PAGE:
IT Industry Undergoing an Epic Transition

CEO Michael Friedenberg reads the signs of an enterprise tech industry that is unraveling before our eyes. But as one computing era ends, a new one (which IDC calls the third platform) is just beginning.

Maybe the Mayans were on to something after all. Not that the whole world would come to an end in 2012, but rather that the tech world of the past 20-25 years would unravel before our eyes. Look at recent developments in enterprise tech and tell me that these aren't cataclysmic events:

  • Gartner says second-quarter server revenue declined 3.8 percent from the year-earlier period. IDC puts the drop at 6.2 percent.
  • Cisco plans to lay off more than 4,000 people next year. CEO John Chambers, speaking at the North Carolina CEO Summit, said that laying off 5 percent of the company's workforce is necessary because Cisco needs to race to keep up with changes in the technology market. "[W]e have to transition in this inconsistent market," he said. "If I did it the old-world way, our company would miss these opportunities and we would become roadkill." Chambers said that he expects one in three tech companies "won't exist in a meaningful way" in just a few years because buyers are adopting technologies like mobile, virtualization and software-defined networking.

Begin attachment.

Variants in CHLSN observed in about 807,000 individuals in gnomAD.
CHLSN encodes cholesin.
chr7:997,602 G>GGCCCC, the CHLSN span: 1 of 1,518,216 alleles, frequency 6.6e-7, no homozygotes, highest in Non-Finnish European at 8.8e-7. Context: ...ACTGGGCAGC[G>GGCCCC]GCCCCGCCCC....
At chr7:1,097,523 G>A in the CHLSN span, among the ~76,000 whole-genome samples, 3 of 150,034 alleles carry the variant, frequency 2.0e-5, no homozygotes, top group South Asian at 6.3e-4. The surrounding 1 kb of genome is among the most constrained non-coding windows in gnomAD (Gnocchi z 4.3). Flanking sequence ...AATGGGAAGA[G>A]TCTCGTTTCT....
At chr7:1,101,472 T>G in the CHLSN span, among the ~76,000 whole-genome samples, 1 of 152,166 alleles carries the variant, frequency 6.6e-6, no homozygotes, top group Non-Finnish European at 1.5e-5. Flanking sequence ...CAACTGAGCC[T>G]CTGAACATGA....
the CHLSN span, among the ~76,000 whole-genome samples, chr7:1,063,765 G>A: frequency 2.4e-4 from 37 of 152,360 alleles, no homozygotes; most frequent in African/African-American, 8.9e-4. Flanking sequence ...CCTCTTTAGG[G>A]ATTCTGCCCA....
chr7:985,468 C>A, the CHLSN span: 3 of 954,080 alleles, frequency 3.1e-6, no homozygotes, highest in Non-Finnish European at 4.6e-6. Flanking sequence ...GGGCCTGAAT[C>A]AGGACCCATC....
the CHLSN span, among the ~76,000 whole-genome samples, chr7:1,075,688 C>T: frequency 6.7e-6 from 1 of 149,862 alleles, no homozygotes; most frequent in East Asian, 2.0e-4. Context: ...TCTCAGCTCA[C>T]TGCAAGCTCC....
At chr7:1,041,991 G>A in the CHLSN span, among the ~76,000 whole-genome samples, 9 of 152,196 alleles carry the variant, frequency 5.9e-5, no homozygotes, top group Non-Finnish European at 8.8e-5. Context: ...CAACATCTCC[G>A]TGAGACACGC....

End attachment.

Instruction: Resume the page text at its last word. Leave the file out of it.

• HP says revenue dropped more than 8 percent in the third quarter of its fiscal year due to problems in PCs, servers and other businesses.
  • Microsoft CEO Steve Ballmer plans to resign in the next 12 months.

But, as we well know, the circle of life exists for technology, too. As one computing era ends, another is just beginning. IDC calls it the "third platform," and it consists of IT architectures that leverage mobile devices, cloud services, social technologies and big data analytics. If you don't think this change is real, then look at recent news in the cloud market alone:

  • Amazon Web Services (AWS) continued its heady growth--at least according to what can be gleaned from Amazon's second-quarter earnings report. The "other" North America category, where AWS is lumped in with some other businesses, hit $844 million, up 64 percent from $515 million a year ago.
  • Box, a cloud storage company, claims to have 180,000 business customers and expects 100 percent revenue growth this year.
  • ServiceNow, a cloud-based software vendor, has posted revenue growth of at least 80 percent year over year for 28 consecutive quarters.

I think Chambers captured the sense of urgency when he said: "We don't compete against competitors, we compete against market transitions." Well, this market transition is one for the ages. Welcome to the third platform.

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